The Associated Press, Feb. 21, 2003
By CHARLES SHEEHAN, The Associated Press
An alleged white supremacist with a history of intimidating witnesses and victims will not be allowed out on bail while he awaits trial for possessing illegal explosives, a federal judge ruled Friday.
David W. Hull, 40, of Amwell Township is charged with illegal possession and transfer of a destructive device.
Prosecutors say Hull was planning hand grenade attacks on women’s health clinics and taught other white supremacists how to build and use silencers and pipe bombs.
Hull sobbed throughout the hearing as U.S. District Judge Gary Lancaster overruled a magistrate’s order that Hull be released on $40,000 unsecured bond.
Hull’s “extensive record” of intimidating witnesses and evidence seized from his home indicates that he could be a danger to the community, Lancaster ruled.
Hull is the leader of the local Klan sect, according to the Anti-Defamation League regional office. Federal agents said they seized an application form for joining the Klan at Hull’s house that bore his name and phone number as contact.
Retired state Trooper Elaine Harvey testified Friday that Hull ordered a man shot in 1997 because he was trying to quit the White Knights of the Ku Klux Klan in Pennsylvania and repeatedly intimidated the man and his wife.
Hull told the man that, “No one leaves the Klan,” Harvey testified.
The trooper said the victim and his wife were afraid to testify, and Hull was convicted of obstruction of justice in a deal with prosecutors. Hull was found guilty in October 2000 of making terroristic threats against the same couple, Harvey said.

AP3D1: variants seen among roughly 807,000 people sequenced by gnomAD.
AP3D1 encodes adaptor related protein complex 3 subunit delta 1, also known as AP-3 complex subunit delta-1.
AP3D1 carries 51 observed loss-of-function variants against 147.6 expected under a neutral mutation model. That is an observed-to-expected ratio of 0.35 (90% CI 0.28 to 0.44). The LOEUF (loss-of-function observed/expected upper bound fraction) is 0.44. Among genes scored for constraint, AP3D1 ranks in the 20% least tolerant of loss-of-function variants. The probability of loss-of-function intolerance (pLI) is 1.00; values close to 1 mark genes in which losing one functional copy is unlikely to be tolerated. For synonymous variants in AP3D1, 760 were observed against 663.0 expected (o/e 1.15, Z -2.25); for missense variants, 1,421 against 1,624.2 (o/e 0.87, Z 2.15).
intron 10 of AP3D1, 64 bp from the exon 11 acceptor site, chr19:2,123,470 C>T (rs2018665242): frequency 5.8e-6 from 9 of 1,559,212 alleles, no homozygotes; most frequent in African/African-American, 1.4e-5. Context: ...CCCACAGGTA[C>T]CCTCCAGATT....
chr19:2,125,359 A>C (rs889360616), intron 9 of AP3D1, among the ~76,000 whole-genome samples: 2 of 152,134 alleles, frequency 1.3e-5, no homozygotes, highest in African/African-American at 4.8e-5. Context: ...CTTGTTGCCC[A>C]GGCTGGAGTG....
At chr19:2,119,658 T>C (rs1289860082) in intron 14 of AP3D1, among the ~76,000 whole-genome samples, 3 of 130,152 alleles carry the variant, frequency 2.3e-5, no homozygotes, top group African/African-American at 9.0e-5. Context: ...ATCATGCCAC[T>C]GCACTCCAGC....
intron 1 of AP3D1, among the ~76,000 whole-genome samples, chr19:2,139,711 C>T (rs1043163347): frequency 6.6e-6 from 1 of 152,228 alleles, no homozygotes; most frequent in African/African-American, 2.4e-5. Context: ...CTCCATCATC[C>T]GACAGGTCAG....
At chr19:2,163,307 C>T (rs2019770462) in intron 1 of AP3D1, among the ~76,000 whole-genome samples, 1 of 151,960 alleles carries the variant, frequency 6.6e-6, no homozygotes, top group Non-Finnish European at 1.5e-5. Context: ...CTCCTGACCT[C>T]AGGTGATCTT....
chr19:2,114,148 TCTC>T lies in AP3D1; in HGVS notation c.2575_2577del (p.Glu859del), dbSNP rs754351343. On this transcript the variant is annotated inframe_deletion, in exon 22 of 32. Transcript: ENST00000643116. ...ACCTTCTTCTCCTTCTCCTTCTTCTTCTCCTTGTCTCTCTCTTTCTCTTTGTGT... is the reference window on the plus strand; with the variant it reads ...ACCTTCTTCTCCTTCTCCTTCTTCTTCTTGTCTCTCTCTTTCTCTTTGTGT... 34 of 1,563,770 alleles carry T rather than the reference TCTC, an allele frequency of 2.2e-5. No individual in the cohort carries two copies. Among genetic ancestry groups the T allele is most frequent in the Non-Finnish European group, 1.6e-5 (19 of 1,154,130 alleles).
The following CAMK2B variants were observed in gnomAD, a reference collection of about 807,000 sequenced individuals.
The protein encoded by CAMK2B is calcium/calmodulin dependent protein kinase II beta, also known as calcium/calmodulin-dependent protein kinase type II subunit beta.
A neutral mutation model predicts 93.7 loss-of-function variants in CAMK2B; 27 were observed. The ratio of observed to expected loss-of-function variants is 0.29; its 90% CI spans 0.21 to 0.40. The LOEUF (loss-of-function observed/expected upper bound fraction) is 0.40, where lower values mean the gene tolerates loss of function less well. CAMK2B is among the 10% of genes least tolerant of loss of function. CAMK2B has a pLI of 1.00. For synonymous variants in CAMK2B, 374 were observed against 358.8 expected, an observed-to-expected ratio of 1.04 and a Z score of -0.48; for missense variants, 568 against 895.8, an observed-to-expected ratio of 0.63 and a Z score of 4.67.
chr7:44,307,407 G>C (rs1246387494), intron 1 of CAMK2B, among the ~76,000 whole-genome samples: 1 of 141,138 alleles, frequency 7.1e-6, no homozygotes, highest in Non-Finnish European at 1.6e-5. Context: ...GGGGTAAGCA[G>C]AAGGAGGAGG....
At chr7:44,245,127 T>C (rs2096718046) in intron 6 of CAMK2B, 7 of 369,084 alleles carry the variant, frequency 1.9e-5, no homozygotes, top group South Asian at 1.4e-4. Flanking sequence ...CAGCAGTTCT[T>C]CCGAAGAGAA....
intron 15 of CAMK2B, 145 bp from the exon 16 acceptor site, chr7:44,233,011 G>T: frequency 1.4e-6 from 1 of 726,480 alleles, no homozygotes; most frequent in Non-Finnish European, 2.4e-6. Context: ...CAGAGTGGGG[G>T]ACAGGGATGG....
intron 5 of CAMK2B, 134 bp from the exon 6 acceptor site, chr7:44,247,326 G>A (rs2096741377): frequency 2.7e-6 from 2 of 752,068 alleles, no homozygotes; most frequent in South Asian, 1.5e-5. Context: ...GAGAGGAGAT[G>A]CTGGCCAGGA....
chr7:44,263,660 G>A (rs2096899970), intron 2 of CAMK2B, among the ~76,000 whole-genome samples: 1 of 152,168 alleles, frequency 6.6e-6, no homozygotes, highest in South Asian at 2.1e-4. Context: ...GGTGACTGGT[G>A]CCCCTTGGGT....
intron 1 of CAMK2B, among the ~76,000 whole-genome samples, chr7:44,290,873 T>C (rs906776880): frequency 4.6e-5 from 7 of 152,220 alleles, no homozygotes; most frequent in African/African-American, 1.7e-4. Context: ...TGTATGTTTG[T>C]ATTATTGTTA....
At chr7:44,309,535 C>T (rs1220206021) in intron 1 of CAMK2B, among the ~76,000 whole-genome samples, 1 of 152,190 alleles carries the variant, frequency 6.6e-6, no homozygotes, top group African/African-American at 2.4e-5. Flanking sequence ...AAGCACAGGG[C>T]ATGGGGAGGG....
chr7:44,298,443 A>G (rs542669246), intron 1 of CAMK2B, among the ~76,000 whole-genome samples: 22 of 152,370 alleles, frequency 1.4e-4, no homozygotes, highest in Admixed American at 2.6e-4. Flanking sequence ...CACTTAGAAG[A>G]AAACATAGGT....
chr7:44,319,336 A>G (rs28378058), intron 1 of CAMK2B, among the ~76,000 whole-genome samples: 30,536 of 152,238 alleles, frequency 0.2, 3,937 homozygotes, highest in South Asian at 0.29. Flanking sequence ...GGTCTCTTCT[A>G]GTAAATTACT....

In 2001, Hull was convicted of harassment by communication in Maryland for threatening a man who said he would join the Klan, but then backed out.
Defense attorney Khadija Diggs said prosecutors had only given reasons to “dislike Mr. Hull,” and denied that Hull broke any laws.
“The level of hearsay presented in this case is extreme,” Diggs said.
In the most recent case, prosecutors say Hull met with a government informant to arrange the purchase of five grenades that he said were to be used to attack an abortion clinic.
The primary objective was to damage the clinics, but when asked about possible injuries, Hull replied, “If they’re there, they are killers or a woman killing a fetus,” prosecutors said.
Hull took the informant to his 47-acre farm in Washington County and gave him pieces of a disassembled pipe bomb by Hull, according to court documents.
Prosecutors said Hull also gave the informant a container filled with Red Dot explosive powder for the pipe bomb and he faces charges for passing the explosives on to the informant.
No date has been set for trial.
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